The spirited debate over net neutrality since last fall has boosted local efforts in Colorado to secure citizen-controlled sources of broadband, through loopholes left by communications law. In 2005, Colorado prohibited local governments from building their own broadband networks, but let them reject that restriction if they held a local vote.
In the fall of 2017, 19 more cities and counties in Colorado voted for municipal broadband control, making it 116 altogether. Fort Collins (pop. 161,000) joined in a big way last November, voting to direct the City Council to create a locally controlled high-speed internet system from $150 million in bonds, with service to start between 2019 and 2021 for most customers.
The council and mayor have also committed to making the city-owned system net-neutral, with plans to write that into city laws as the system gets built. “It’s controlling your own destiny as a city, as a community,” said local activist Garfield.
The renewed push for “middle mile” and “last mile” improvements in broadband across Colorado could speed state efforts to guarantee fast access to 100 percent of rural Colorado by 2020. The most recent estimate said that about 23 percent of residents lacked access, or 125,00 to 160,000 households.
Many communities are drawing on state and federal funds to extend fiber optic cables into their service areas; some of those then deploy or partner with private ISPs to build wireless “last mile” service to homes and businesses.
Interest has picked up, said Nate Walowitz, regional broadband program director at Northwest Colorado Council of Governments, because underserved communities grew tired of waiting for private industry to complete the network. With new subsidy funds and new enthusiasm, the time is now, he said. Build-out efforts are at varying stages in Breckenridge, Meeker, Rangely, Red Cliff and Rio Blanco County.
Rural Colorado communities “know that if they let this opportunity go by, they’ve seen millennials grow up and leave and not come back, on top of trying to attract new population,” Walowitz said.
Discussions on net neutrality are rarely far behind the questions of the broadband build-out, he noted.
“Even in communities where the electorate tends to be more conservative, they clearly understand the value of having multiple provider options, and there’s an enormous sense of pride and independence in Colorado,” he said. “Many of these areas have lived with satellite providers who had caps on data plans, caps on speed, and an open, competitive internet—and access to that—is very valuable to them.”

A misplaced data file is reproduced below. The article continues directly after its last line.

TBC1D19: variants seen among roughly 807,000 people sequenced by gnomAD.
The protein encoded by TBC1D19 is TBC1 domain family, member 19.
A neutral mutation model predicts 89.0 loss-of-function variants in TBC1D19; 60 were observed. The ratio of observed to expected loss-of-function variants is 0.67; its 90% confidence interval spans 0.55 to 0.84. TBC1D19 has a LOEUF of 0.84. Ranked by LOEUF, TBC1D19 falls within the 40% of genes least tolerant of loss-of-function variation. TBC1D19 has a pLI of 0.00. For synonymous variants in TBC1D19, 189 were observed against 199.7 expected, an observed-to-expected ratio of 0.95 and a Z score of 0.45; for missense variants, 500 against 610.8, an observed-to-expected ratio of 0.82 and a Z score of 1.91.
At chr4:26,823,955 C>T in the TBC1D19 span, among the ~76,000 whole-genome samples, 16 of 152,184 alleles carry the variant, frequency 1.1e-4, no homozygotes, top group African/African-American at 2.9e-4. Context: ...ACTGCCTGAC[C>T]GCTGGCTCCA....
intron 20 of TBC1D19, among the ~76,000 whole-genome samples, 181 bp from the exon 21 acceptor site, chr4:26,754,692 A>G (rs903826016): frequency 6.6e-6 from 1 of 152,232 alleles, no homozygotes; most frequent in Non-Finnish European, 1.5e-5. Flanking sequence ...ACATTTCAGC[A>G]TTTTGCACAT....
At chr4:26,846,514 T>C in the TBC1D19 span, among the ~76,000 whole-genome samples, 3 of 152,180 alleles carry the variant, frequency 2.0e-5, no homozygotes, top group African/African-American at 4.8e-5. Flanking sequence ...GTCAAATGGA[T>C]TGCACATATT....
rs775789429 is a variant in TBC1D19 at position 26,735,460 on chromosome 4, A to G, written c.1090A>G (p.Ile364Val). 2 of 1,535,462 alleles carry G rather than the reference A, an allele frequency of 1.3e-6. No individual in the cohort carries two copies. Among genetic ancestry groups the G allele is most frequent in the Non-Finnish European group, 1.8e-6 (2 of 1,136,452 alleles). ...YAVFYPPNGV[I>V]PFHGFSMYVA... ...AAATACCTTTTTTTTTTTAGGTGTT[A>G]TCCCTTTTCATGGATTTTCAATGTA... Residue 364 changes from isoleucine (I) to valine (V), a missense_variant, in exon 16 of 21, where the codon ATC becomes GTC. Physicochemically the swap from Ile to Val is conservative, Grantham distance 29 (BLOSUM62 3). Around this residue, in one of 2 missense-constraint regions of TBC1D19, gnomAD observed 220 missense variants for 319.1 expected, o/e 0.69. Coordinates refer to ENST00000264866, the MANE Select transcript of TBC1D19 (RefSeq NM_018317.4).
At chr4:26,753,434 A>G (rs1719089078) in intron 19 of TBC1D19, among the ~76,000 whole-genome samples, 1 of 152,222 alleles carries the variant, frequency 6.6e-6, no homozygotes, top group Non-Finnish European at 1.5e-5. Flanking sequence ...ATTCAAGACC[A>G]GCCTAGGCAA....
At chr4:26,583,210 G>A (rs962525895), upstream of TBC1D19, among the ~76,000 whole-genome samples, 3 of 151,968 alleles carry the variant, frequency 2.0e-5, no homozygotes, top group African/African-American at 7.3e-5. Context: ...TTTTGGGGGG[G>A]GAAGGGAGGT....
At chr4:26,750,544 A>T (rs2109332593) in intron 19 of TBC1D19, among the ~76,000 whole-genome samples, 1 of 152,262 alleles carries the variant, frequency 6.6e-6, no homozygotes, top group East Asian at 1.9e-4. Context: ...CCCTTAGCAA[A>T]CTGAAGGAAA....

Walowitz said he has urged the local governments he works with to adopt language similar to the state of Montana’s, which says ISPs with state contracts must honor net neutrality. A similar state-level proposal for Colorado this year died in a Republican-controlled legislative committee.
CenturyLink is a major ISP for much of Colorado, and in some rural parts of the state has little competition. The company said in a statement that it respects the rights of local governments to vote for citizen-controlled broadband efforts, but also wants to continue public-private partnerships CenturyLink has used in communities to speed up broadband build-out.
As for net neutrality, CenturyLink said this: “Consumers and businesses require a seamless and predictable internet experience. For that to happen, every email, application and video should not be subject to multiple state jurisdictions. From a policy standpoint, internet traffic is inherently interstate in nature and thus best handled at the federal level.”
On that, the activists agree: They want to protect net neutrality at the federal level. They are suing the FCC to reverse the decision, while also trying to build support in Congress to overrule the FCC legislatively.
“Our generation needs to have net neutrality if we’re going to have any chance of succeeding and making sure people have equal opportunities,” said Zach Amdursky, a Denver physician’s assistant who has helped organize local net neutrality support rallies. “Maybe they slow down anything with ‘#MeToo,’ or we can’t see other movements like women’s pay, or equality for the poor. The only way our generation gets anything done is through a hashtag.”